Is Shariah Law Only About Punishments?

Is Shariah Law Only About Punishments?

SHARIAH (Shari’ah, Sharia, Arabic شريعة) literally means a “path to the water hole” i.e. the way to the source of life. Its usage as law is traced directly to the Qur’an, wherein Allah (God) admonishes us to follow the clear and right way, the path of the Shariah:

Then We have put you (O Muhammad, صلىاللهعليهوسلم) on the Way of Religion (Shariah). So follow you that and follow not the desires of those who know not. (Qur’an, 45:18)

The Shariah is therefore the entire religion of Islam, a whole way of life, that Muslims believe has been ordained by God Almighty. They submit to it and follow it in obedience based on faith (which by the way is not blind).

Its key principle is “preventing harm and bringing welfare to people”.[i] It protects and defends five basic human rights it has identified: Life, property, honor, religion and intellect. The penal system in Islam, which we will look at in our future issues, is absolutely vital in guaranteeing these fundamental rights.

There are two primary sources of the Shariah or Islamic law: Qur’an (God’s Word) and Sunnah (Prophet’s way of life). The Qur’an was revealed over a period of 23 years in the seventh century. It has been since preserved like no other book in the history of mankind. The Sunnah is everything the Prophet did, commanded to do, and/or approved of. While the uninformed may question how a 1,400-year old law could be relevant today, it does not raise a brow for anyone who has studied just the basics of Islam.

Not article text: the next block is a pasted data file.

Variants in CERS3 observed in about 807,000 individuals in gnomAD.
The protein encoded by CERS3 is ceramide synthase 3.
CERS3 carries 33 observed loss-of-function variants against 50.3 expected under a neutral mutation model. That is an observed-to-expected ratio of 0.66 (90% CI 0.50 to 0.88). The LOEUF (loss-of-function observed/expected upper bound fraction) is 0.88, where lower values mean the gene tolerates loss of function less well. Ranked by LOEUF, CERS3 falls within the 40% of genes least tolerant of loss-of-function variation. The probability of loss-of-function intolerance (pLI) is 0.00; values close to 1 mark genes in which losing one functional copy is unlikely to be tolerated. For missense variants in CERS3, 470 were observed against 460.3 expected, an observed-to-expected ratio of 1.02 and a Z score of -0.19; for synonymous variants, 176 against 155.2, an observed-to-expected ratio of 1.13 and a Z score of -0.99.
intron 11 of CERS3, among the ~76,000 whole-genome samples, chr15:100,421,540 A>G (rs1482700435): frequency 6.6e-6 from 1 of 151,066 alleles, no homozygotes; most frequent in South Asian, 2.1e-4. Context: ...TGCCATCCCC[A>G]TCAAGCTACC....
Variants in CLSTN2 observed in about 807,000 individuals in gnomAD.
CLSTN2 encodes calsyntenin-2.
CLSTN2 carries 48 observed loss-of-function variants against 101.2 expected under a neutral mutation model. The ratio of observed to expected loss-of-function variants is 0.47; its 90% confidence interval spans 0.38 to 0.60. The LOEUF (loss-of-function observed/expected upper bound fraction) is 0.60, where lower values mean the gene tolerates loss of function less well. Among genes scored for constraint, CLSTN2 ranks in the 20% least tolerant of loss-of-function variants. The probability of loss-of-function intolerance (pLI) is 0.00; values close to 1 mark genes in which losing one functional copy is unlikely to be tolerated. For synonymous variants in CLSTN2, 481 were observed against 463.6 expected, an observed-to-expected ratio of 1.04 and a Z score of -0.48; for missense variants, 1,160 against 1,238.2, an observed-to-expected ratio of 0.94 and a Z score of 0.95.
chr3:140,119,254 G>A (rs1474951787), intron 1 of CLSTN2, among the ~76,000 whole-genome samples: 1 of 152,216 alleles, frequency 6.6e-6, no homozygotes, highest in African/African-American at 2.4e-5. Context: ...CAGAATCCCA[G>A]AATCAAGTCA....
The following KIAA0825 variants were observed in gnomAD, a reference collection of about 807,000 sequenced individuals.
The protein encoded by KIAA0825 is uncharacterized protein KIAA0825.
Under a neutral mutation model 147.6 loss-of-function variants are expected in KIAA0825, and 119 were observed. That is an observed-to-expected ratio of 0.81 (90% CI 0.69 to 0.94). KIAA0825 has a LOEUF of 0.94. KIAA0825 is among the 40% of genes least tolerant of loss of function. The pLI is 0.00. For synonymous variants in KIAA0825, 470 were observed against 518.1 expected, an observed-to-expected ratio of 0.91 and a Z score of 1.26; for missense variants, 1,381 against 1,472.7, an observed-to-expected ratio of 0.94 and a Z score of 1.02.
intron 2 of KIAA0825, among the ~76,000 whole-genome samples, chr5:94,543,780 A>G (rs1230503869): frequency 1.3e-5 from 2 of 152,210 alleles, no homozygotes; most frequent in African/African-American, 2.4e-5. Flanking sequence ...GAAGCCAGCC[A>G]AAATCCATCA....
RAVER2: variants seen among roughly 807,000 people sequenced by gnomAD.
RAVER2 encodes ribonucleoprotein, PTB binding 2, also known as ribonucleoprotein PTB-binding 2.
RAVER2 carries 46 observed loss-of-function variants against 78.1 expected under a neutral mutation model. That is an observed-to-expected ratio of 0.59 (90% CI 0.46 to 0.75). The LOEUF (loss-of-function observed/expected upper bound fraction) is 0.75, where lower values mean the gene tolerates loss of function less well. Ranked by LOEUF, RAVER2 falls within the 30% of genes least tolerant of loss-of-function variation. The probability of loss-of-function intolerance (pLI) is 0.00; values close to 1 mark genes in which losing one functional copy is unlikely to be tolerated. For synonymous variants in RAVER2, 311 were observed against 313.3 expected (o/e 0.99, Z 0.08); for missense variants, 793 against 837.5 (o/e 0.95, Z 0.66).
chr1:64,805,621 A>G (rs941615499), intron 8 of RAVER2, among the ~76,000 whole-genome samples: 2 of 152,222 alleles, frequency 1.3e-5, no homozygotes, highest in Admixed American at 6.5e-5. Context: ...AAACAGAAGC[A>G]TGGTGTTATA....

The Shariah has two dimensions to it: One specific and the other generic. Inheritance law, for example, is specific. It specifies how much portion of wealth each of the heirs should receive. Similarly are acts of worship like Prayer, Fasting, and Zakat (obligatory charity). Also, the definition of what is right and wrong does not change according to the whims of society. Adultery, homosexuality, incest, murder, rape, and theft will always remain as great crimes.

As for the generic dimension, broad principles have been laid out for us to derive laws on any modern issue. This is the second aspect of the Islamic law, called as Fiqh, which may change according to prevailing circumstances.

 

 

Excerpt from June 2014 Issue

 

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